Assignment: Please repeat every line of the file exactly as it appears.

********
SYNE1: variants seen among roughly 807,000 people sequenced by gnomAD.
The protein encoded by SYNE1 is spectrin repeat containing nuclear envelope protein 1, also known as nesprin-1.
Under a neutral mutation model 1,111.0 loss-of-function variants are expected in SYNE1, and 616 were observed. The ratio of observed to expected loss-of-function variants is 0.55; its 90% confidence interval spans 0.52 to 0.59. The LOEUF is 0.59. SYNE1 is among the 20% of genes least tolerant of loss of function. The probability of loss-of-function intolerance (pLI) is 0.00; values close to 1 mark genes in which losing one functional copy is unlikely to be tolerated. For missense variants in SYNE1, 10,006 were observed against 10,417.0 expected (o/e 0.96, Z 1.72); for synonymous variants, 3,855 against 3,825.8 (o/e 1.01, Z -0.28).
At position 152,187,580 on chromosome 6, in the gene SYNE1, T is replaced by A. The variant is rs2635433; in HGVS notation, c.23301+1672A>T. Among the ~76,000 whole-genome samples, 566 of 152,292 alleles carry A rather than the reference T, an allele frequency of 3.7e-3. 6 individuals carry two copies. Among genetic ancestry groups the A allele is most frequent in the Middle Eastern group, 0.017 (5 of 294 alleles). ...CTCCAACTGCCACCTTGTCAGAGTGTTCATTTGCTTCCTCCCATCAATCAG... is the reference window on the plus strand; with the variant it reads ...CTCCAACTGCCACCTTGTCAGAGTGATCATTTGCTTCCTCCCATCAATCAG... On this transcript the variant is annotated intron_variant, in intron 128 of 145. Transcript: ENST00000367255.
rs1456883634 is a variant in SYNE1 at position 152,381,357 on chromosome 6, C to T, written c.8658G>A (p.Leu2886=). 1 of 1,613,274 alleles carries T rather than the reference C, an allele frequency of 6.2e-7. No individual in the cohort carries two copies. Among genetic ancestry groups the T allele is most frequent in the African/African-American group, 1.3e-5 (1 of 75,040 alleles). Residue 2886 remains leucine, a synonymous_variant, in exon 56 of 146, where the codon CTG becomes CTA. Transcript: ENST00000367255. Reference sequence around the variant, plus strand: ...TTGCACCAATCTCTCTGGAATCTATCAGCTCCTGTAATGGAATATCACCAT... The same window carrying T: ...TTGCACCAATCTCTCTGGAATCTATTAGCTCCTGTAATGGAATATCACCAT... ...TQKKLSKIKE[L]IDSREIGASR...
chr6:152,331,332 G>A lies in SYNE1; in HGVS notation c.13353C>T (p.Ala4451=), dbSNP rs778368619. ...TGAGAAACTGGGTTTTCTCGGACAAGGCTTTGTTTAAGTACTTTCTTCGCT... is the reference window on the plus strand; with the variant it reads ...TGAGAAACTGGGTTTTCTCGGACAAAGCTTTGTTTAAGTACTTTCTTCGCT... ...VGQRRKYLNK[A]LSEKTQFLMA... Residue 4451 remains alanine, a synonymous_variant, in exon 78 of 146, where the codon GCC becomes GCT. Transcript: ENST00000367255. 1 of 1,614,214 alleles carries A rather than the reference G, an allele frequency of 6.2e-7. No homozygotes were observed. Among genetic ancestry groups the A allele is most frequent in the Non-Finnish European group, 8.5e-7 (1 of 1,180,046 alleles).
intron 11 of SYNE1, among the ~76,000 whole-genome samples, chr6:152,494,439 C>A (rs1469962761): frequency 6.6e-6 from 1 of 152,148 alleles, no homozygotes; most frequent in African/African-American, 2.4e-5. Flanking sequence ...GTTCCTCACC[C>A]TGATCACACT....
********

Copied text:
SYNE1: variants seen among roughly 807,000 people sequenced by gnomAD.
The protein encoded by SYNE1 is spectrin repeat containing nuclear envelope protein 1, also known as nesprin-1.
Under a neutral mutation model 1,111.0 loss-of-function variants are expected in SYNE1, and 616 were observed. The ratio of observed to expected loss-of-function variants is 0.55; its 90% confidence interval spans 0.52 to 0.59. The LOEUF is 0.59. SYNE1 is among the 20% of genes least tolerant of loss of function. The probability of loss-of-function intolerance (pLI) is 0.00; values close to 1 mark genes in which losing one functional copy is unlikely to be tolerated. For missense variants in SYNE1, 10,006 were observed against 10,417.0 expected (o/e 0.96, Z 1.72); for synonymous variants, 3,855 against 3,825.8 (o/e 1.01, Z -0.28).
At position 152,187,580 on chromosome 6, in the gene SYNE1, T is replaced by A. The variant is rs2635433; in HGVS notation, c.23301+1672A>T. Among the ~76,000 whole-genome samples, 566 of 152,292 alleles carry A rather than the reference T, an allele frequency of 3.7e-3. 6 individuals carry two copies. Among genetic ancestry groups the A allele is most frequent in the Middle Eastern group, 0.017 (5 of 294 alleles). ...CTCCAACTGCCACCTTGTCAGAGTGTTCATTTGCTTCCTCCCATCAATCAG... is the reference window on the plus strand; with the variant it reads ...CTCCAACTGCCACCTTGTCAGAGTGATCATTTGCTTCCTCCCATCAATCAG... On this transcript the variant is annotated intron_variant, in intron 128 of 145. Transcript: ENST00000367255.
rs1456883634 is a variant in SYNE1 at position 152,381,357 on chromosome 6, C to T, written c.8658G>A (p.Leu2886=). 1 of 1,613,274 alleles carries T rather than the reference C, an allele frequency of 6.2e-7. No individual in the cohort carries two copies. Among genetic ancestry groups the T allele is most frequent in the African/African-American group, 1.3e-5 (1 of 75,040 alleles). Residue 2886 remains leucine, a synonymous_variant, in exon 56 of 146, where the codon CTG becomes CTA. Transcript: ENST00000367255. Reference sequence around the variant, plus strand: ...TTGCACCAATCTCTCTGGAATCTATCAGCTCCTGTAATGGAATATCACCAT... The same window carrying T: ...TTGCACCAATCTCTCTGGAATCTATTAGCTCCTGTAATGGAATATCACCAT... ...TQKKLSKIKE[L]IDSREIGASR...
chr6:152,331,332 G>A lies in SYNE1; in HGVS notation c.13353C>T (p.Ala4451=), dbSNP rs778368619. ...TGAGAAACTGGGTTTTCTCGGACAAGGCTTTGTTTAAGTACTTTCTTCGCT... is the reference window on the plus strand; with the variant it reads ...TGAGAAACTGGGTTTTCTCGGACAAAGCTTTGTTTAAGTACTTTCTTCGCT... ...VGQRRKYLNK[A]LSEKTQFLMA... Residue 4451 remains alanine, a synonymous_variant, in exon 78 of 146, where the codon GCC becomes GCT. Transcript: ENST00000367255. 1 of 1,614,214 alleles carries A rather than the reference G, an allele frequency of 6.2e-7. No homozygotes were observed. Among genetic ancestry groups the A allele is most frequent in the Non-Finnish European group, 8.5e-7 (1 of 1,180,046 alleles).
intron 11 of SYNE1, among the ~76,000 whole-genome samples, chr6:152,494,439 C>A (rs1469962761): frequency 6.6e-6 from 1 of 152,148 alleles, no homozygotes; most frequent in African/African-American, 2.4e-5. Flanking sequence ...GTTCCTCACC[C>A]TGATCACACT....